There is still a relatively prevalent view in the field of bioinformatics and medical informatics that software-based inventions are not patentable at the EPO. A large proportion of the innovation that is being made in this field is primarily or entirely implemented in software and does not involve new hardware. As such, many applicants miss out on potentially valuable protection because of the false belief that they would be wasting their time (and money) by filing at the EPO or talking to a European Patent Attorney. This could not be further from the truth, and the EPO is actually a comparatively favourable jurisdiction for computer-implemented inventions (CIIs) in the field of bioinformatics and medical informatics.
On October 21-23rd, we led a pair of EPO Examiners on a mini-tour of the UK to meet applicants and attorneys working in the field of bioinformatics and medical informatics. The aim of this series of seminars was for the EPO team in charge of examining applications in this field to improve the understanding of how they assess CIIs, with a view to increase the number of applications filed, and their grant rate.
The seminars focused on the infamous “2 hurdles” approach used by the EPO to assess “mixed inventions” – i.e. inventions that involve a combination of technical and non-technical features (in particular, inventions involving mathematical methods steps and/or features related to the presentation of information).
The first hurdle stems from Article 52 EPC (excluded subject-matter) and tests whether the claimed subject-matter relates to excluded subject-matter “as such”. This is assessed by separating a claim into each of its individual features, and evaluating whether at least one of these features, when considered in isolation, is technical. The presence of a computer, memory, display, physical input means, or any technical step is sufficient to overcome this hurdle. For example, when claiming a method comprising mathematical steps (a)-(c), the inclusion of the words “computer-implemented [method]” is sufficient to overcome this hurdle.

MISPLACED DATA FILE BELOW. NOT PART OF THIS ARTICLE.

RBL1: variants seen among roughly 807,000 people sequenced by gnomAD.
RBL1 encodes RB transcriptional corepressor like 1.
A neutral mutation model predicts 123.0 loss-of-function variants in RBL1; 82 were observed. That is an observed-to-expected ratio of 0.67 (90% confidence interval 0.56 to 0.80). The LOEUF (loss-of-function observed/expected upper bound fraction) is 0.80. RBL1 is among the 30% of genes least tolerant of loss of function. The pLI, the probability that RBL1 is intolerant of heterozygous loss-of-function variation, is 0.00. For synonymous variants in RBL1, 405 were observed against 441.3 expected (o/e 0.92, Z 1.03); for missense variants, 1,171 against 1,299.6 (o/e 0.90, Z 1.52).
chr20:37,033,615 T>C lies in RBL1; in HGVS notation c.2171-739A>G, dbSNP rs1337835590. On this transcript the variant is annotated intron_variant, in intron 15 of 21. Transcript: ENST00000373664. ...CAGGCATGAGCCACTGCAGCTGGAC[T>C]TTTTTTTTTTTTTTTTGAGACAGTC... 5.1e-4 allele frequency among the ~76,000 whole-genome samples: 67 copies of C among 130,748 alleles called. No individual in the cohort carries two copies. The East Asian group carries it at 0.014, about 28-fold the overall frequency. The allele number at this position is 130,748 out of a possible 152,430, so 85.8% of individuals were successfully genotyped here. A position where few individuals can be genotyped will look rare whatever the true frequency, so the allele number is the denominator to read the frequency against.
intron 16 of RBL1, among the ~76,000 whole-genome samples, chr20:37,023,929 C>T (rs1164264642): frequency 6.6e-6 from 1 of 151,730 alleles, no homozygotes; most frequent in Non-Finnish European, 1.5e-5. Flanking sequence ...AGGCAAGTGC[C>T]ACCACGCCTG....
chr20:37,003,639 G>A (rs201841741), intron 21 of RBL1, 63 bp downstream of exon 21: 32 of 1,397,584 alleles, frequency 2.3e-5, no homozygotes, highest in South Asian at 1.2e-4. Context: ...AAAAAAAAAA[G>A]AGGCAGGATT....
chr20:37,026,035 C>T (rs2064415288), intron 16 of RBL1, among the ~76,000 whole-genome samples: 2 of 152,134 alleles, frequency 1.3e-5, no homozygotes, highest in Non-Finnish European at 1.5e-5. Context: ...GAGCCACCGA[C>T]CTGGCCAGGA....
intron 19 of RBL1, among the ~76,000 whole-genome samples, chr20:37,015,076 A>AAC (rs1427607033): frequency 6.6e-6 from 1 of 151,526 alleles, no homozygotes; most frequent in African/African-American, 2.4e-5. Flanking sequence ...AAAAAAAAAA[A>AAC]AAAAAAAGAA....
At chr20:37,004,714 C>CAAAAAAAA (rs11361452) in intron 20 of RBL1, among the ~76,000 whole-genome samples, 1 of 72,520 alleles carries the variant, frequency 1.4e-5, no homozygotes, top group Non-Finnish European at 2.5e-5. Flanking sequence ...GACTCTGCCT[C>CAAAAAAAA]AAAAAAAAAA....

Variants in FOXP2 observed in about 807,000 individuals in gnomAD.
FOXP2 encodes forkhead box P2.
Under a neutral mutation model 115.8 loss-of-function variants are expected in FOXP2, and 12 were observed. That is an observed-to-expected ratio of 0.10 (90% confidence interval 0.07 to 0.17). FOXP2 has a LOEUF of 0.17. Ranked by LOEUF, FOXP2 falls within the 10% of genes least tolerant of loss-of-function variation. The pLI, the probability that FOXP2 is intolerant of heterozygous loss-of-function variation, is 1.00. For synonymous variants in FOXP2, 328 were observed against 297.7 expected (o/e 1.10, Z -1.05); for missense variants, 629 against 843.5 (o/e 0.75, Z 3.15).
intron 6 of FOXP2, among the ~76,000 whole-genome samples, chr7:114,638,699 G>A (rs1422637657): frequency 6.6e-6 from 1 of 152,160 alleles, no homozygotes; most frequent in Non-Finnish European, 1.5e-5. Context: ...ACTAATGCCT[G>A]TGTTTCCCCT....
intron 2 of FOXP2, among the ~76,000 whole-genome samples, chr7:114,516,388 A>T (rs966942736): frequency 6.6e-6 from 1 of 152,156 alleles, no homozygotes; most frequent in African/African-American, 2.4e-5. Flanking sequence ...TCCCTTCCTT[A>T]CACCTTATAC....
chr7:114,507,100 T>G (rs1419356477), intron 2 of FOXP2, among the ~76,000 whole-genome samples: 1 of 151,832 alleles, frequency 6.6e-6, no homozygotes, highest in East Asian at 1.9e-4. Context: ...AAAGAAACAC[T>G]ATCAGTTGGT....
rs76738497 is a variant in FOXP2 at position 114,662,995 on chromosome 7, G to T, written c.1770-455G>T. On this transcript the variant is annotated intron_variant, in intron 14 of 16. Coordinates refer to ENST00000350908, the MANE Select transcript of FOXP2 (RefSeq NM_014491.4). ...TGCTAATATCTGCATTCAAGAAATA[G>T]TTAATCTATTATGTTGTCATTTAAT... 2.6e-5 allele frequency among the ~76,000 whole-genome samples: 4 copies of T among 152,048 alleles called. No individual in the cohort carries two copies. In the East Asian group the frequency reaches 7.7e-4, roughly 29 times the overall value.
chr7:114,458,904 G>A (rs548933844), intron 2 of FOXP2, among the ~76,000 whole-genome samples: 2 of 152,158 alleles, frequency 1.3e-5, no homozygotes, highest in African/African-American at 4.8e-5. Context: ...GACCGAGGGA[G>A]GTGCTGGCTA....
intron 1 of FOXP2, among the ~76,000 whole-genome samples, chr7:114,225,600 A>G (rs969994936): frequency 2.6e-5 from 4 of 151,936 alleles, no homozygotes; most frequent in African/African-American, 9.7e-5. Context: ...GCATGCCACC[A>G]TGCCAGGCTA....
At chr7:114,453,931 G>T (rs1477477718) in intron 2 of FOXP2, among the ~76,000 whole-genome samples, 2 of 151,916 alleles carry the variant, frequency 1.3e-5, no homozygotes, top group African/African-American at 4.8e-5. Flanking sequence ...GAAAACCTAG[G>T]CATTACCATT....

The second hurdle stems from Article 56 EPC (inventive step). It is established practice at the EPO that only those features that contribute to the technical character of the invention are taken into account for the purpose of assessing the inventiveness of a claim. In practice, this means that examiners have to separate out those features that cannot be seen to contribute to the technical character of the invention, and assess inventiveness exclusively based on the remaining (technical) features. For example, when claiming a computer-implemented method comprising mathematical steps (a)-(c), if mathematical steps (a)-(c) are deemed not to contribute to the technical character of the invention, then the Examiner is left with the feature of “computer-implemented method [of doing something]”, and the closest prior art for this can be any computer-implemented method.
However, features which, when taken in isolation are non-technical can nonetheless, in the context of the invention, contribute to producing a technical effect serving a technical purpose. Any feature for which this can be successfully demonstrated will be taken into account in the assessment of inventive step. The skill therefore is in ensuring that features related to mathematical methods and/or the presentation of information are specified with sufficient detail, credibly and causally linked to a technical purpose, such that they are taken into account in this assessment. Specific examples of when this is and isn’t successful were discussed, as well as common pitfalls to avoid getting stuck between a rock (lack of inventive step due to insufficient specification of technical features and/or technical purpose) and a hard place (added matter). Watch out for more on this in a subsequent post…